New Amsterdam solar energy initiative
November 16th, 2012, around thirty scientists from the University of Amsterdam (UvA), VU University and FOM-institute AMOLF met for a kickoff workshop in which they decided to establish a new joint solar energy research initiative in Amsterdam, called ‘Solardam’.
The goal of Solardam is to carry out a joint multidisciplinary research program to harvest energy from the sun by generating electricity and fuel through combinations of photovoltaics, photocatalysis and photosynthesis. The thirty principal investigators attending the workshop represent over 100 scientists that are already active in solar energy research at UvA, VU and AMOLF.
Solardam will be a multi-disciplinary platform that includes contributions from the whole range of natural sciences: physics, chemistry and biology. The Solardam initiative builds on successful energy research programs of the contributing partners. By bringing together expertise and sharing facilities, the new collaboration will be able to address problems that could previously not be solved. Three new research lines will be established:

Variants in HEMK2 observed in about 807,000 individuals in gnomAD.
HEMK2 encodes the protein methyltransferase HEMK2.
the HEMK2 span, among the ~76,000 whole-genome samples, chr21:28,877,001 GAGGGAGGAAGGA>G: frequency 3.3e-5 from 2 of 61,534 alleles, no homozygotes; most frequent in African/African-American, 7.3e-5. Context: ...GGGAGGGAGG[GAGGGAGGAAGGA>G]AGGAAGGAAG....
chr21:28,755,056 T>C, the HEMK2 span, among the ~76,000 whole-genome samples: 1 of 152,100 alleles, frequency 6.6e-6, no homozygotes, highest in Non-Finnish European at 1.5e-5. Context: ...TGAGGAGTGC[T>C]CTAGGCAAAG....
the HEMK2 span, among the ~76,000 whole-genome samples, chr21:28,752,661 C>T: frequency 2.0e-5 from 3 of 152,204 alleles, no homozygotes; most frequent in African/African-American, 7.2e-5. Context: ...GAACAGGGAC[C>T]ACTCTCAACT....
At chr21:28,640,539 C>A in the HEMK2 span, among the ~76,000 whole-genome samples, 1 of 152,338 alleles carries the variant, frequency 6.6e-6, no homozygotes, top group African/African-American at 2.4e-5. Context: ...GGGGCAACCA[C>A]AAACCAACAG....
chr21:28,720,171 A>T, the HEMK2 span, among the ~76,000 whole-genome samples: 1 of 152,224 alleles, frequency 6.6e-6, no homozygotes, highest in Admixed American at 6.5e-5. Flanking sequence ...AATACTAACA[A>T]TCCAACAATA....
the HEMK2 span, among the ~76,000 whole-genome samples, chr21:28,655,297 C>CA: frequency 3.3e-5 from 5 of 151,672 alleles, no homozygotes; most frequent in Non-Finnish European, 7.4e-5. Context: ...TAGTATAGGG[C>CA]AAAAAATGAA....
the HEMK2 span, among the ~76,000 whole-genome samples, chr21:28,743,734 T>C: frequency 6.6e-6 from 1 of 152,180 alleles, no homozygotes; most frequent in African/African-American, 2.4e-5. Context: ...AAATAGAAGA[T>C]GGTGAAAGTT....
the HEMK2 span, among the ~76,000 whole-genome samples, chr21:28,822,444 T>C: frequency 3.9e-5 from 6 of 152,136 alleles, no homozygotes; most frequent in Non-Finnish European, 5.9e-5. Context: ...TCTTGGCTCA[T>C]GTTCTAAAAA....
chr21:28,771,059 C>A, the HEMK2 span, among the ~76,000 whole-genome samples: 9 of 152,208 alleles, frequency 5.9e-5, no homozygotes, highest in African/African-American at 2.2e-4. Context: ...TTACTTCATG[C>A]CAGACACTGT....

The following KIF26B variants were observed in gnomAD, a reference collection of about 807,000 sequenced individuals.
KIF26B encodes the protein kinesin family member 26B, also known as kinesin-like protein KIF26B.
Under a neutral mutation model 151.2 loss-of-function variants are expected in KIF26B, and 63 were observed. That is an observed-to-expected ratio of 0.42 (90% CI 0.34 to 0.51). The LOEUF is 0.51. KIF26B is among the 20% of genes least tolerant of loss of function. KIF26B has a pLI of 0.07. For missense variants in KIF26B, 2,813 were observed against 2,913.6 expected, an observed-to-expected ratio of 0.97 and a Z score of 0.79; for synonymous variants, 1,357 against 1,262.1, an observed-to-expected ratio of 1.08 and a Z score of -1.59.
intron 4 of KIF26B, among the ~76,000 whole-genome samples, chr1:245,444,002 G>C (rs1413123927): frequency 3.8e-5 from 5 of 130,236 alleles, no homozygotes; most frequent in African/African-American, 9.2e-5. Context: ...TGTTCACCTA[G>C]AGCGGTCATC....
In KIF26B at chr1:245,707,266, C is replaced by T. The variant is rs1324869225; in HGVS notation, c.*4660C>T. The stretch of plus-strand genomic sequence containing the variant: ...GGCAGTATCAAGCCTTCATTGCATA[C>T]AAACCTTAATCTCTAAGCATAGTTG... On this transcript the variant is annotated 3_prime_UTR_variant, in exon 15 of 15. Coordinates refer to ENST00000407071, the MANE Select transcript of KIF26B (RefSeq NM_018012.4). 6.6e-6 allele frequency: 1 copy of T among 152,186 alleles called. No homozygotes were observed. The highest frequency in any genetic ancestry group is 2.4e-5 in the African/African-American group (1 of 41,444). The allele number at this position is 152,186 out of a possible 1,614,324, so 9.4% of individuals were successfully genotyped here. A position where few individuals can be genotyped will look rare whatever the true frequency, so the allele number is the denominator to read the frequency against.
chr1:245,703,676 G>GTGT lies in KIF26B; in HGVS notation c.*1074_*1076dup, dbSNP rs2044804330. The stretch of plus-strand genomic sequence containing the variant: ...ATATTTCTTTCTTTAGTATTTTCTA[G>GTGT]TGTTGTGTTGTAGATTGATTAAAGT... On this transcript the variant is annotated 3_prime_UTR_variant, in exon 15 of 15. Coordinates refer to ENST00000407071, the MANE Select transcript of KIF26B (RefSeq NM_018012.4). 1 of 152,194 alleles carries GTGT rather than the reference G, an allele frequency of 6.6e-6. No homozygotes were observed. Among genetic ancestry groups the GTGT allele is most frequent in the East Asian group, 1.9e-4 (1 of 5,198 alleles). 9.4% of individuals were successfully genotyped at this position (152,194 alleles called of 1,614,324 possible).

1. Light management: Aim is to enhance the absorption and conversion of light from the sun in photovoltaics, photocatalysis and photosynthesis by nanophotonic concepts, spectrum splitting and shaping, and (re-)design of natural and artificial photosynthetic systems.
2. Solar fuels: The design and fabrication of new materials for photocatalytic solar energy conversion. Design of water-splitting catalysts and redesign of the oxygen evolving complex of photosynthesis for more efficient photosynthesis and for application in the artificial leaf.
3. Photosynthesis: optimize solar-energy-to-fuel conversion by photosynthetic organisms, using a systems biology/physics approach.
Solardam will benefit greatly from the merger of the science faculties of the UvA and the VU, which will bring the majority of the scientists together in one organization. Solardam will offer a center of excellence for the training of students in the multi-disciplinary field of solar energy conversion with strong ties to physics, chemistry, biology and information science/mathematical modeling.
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